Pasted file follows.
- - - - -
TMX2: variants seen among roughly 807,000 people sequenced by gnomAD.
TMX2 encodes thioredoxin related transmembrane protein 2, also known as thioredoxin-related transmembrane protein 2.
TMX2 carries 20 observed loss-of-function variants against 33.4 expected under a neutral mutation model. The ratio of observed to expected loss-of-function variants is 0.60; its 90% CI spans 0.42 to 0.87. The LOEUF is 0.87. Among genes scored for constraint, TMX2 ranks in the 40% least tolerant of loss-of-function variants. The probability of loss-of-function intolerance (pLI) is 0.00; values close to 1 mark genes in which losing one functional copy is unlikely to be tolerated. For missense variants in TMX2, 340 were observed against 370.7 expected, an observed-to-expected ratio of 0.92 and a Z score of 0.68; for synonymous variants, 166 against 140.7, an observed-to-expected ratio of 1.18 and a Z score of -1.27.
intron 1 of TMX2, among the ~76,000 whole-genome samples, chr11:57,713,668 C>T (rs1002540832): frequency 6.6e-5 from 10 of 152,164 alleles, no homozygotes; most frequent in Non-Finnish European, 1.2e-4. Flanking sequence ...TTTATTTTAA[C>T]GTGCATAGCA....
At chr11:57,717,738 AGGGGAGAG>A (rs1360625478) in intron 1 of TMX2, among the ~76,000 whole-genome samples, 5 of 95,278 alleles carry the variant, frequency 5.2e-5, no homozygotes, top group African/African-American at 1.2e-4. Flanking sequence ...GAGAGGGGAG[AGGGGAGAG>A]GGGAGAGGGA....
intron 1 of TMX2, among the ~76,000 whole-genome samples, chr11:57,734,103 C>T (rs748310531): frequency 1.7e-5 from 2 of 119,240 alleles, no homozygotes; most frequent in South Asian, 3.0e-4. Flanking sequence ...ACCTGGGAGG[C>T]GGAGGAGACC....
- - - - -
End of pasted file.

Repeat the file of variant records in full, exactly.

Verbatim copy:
TMX2: variants seen among roughly 807,000 people sequenced by gnomAD.
TMX2 encodes thioredoxin related transmembrane protein 2, also known as thioredoxin-related transmembrane protein 2.
TMX2 carries 20 observed loss-of-function variants against 33.4 expected under a neutral mutation model. The ratio of observed to expected loss-of-function variants is 0.60; its 90% CI spans 0.42 to 0.87. The LOEUF is 0.87. Among genes scored for constraint, TMX2 ranks in the 40% least tolerant of loss-of-function variants. The probability of loss-of-function intolerance (pLI) is 0.00; values close to 1 mark genes in which losing one functional copy is unlikely to be tolerated. For missense variants in TMX2, 340 were observed against 370.7 expected, an observed-to-expected ratio of 0.92 and a Z score of 0.68; for synonymous variants, 166 against 140.7, an observed-to-expected ratio of 1.18 and a Z score of -1.27.
intron 1 of TMX2, among the ~76,000 whole-genome samples, chr11:57,713,668 C>T (rs1002540832): frequency 6.6e-5 from 10 of 152,164 alleles, no homozygotes; most frequent in Non-Finnish European, 1.2e-4. Flanking sequence ...TTTATTTTAA[C>T]GTGCATAGCA....
At chr11:57,717,738 AGGGGAGAG>A (rs1360625478) in intron 1 of TMX2, among the ~76,000 whole-genome samples, 5 of 95,278 alleles carry the variant, frequency 5.2e-5, no homozygotes, top group African/African-American at 1.2e-4. Flanking sequence ...GAGAGGGGAG[AGGGGAGAG>A]GGGAGAGGGA....
intron 1 of TMX2, among the ~76,000 whole-genome samples, chr11:57,734,103 C>T (rs748310531): frequency 1.7e-5 from 2 of 119,240 alleles, no homozygotes; most frequent in South Asian, 3.0e-4. Flanking sequence ...ACCTGGGAGG[C>T]GGAGGAGACC....